“One year there were 38 runners who went down to the Marine Corps Marathon (in Washington, D.C.),’’ Sharon said. “And everyone finished.’’
The next step was the triathlon and ultimately the Ironman.
At the urging of the Steve Maurer family, Skip went down to Baltimore to participate in the USA Triathlon series event.
“I was hooked,’’ Skip said with a chuckle.
Sharon soon followed. She showed her mettle at a tri in Harrisburg. The transition area was in the middle of the Susquehanna River. It rained the night before and the water rose more than five inches, making the raging current seem more like the Colorado River going through the Grand Canyon.
“I figured if she could do that,’’ Skip said, “she’s as good as gold.’’
Sharon played field hockey and lacrosse in high school while Skip (whose official first name is Henry), ran track and played football. He went on to play soccer during his undergraduate years at East Stroudsburg and then earned master’s degrees from Trenton State (physical education) and Beaver College (environmental studies).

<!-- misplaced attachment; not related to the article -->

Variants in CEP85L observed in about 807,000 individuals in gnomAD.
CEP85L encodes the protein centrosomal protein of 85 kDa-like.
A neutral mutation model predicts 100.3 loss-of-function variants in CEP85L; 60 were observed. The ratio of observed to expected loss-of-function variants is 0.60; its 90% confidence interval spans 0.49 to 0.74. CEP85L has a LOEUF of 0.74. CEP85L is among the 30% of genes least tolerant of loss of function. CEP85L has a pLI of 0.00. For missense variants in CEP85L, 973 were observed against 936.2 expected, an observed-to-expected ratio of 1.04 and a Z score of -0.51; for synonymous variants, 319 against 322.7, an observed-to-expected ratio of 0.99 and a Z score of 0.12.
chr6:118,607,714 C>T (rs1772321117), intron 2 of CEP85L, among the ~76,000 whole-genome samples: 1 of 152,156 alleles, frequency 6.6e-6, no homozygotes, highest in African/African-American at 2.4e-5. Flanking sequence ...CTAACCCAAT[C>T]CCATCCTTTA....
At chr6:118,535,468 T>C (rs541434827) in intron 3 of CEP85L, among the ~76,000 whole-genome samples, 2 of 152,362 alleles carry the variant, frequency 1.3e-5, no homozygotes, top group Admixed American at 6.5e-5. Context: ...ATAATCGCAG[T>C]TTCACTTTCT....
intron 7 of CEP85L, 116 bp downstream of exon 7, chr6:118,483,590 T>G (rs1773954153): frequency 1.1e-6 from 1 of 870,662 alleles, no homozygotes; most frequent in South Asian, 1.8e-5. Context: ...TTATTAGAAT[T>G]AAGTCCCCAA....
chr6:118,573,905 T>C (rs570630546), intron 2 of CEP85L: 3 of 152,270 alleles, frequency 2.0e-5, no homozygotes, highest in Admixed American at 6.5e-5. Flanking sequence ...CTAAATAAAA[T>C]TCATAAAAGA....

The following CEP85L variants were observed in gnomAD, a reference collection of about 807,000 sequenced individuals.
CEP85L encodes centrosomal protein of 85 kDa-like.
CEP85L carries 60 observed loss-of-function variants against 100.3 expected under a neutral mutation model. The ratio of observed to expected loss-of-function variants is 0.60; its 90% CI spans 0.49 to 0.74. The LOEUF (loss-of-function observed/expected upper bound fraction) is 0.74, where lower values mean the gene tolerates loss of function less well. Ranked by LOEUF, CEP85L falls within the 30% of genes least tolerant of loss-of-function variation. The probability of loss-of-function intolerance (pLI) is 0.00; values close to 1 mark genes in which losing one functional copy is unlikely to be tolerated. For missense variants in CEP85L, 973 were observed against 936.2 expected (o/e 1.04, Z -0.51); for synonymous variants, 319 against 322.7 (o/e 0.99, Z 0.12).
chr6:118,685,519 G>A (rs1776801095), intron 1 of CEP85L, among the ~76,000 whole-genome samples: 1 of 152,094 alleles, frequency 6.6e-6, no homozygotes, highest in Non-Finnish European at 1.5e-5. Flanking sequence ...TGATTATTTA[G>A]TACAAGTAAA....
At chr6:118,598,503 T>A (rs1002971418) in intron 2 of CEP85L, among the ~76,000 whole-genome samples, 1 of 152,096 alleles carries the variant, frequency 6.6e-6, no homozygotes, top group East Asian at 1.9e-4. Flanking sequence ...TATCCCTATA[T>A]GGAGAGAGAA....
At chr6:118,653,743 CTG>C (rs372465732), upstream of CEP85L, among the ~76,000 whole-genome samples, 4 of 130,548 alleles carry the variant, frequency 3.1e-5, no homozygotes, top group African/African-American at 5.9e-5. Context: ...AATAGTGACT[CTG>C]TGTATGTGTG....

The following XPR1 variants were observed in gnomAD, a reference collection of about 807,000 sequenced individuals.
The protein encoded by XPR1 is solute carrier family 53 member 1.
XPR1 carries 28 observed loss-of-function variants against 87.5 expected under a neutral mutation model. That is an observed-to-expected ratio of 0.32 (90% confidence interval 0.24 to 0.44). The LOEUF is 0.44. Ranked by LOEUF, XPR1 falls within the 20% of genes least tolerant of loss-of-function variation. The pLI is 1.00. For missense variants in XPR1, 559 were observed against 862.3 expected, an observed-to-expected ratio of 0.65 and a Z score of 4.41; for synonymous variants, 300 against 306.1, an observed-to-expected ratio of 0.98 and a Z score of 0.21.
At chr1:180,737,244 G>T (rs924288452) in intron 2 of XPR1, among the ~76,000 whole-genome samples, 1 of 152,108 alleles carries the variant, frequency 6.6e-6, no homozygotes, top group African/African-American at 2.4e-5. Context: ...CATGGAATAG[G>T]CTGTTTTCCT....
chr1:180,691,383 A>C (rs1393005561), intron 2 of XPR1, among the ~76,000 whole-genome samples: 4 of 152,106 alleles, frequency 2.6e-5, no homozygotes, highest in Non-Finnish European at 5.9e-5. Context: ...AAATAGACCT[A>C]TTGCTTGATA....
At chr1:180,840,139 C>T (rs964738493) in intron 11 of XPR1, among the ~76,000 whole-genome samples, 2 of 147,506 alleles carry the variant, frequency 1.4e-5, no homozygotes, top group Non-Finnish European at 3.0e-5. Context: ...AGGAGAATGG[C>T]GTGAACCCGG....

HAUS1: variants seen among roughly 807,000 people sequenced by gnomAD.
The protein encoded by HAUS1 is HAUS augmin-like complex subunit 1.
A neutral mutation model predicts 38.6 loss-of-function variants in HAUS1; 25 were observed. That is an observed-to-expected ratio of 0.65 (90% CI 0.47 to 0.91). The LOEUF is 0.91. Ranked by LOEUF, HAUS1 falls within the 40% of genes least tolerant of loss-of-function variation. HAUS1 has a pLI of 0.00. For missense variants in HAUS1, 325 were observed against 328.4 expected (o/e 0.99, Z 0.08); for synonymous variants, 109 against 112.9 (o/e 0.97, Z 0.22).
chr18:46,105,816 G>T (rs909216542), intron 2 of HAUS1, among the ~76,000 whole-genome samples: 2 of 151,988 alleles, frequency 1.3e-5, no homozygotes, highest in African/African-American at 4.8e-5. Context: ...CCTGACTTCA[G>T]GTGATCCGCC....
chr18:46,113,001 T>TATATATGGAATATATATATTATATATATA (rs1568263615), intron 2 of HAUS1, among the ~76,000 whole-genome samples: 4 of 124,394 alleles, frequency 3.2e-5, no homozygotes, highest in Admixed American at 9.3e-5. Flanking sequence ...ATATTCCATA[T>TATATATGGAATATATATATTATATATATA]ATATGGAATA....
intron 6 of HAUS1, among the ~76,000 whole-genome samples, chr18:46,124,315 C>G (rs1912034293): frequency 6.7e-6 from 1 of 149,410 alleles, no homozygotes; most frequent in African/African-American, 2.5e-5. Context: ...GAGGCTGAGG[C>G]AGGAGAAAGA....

Later he would teach for 35 years in the Centennial School District. Sharon is employed by the Bucks County Intermediate Unit.
. Skip was a physical education teacher and tried to lead by example. Other teachers smoked and were overweight. That was kind of sending the wrong message.
“How can you expect kids to want to be fit,’’ Skip said, “when you’re not fit yourself?’’
He would come to school on Monday morning wearing shorts and the T-shirt he had received from his latest race.
“I wanted to present myself as somebody who is leading by example,’’ Skip said. “I had hall duty. The kids would come down and see what shirt I had on (from weekend races) Monday morning.’’
The BCRR award means a great deal but it wasn’t something the Schanbackers ever expected.
“It means a lot because when you look at it, we just did it because we did it,’’ Sharon said. “And we inspired people. We were like run, swim, bike. . .we can do it. For me, I was shy and I didn’t raise my hand in class and I didn’t like attention.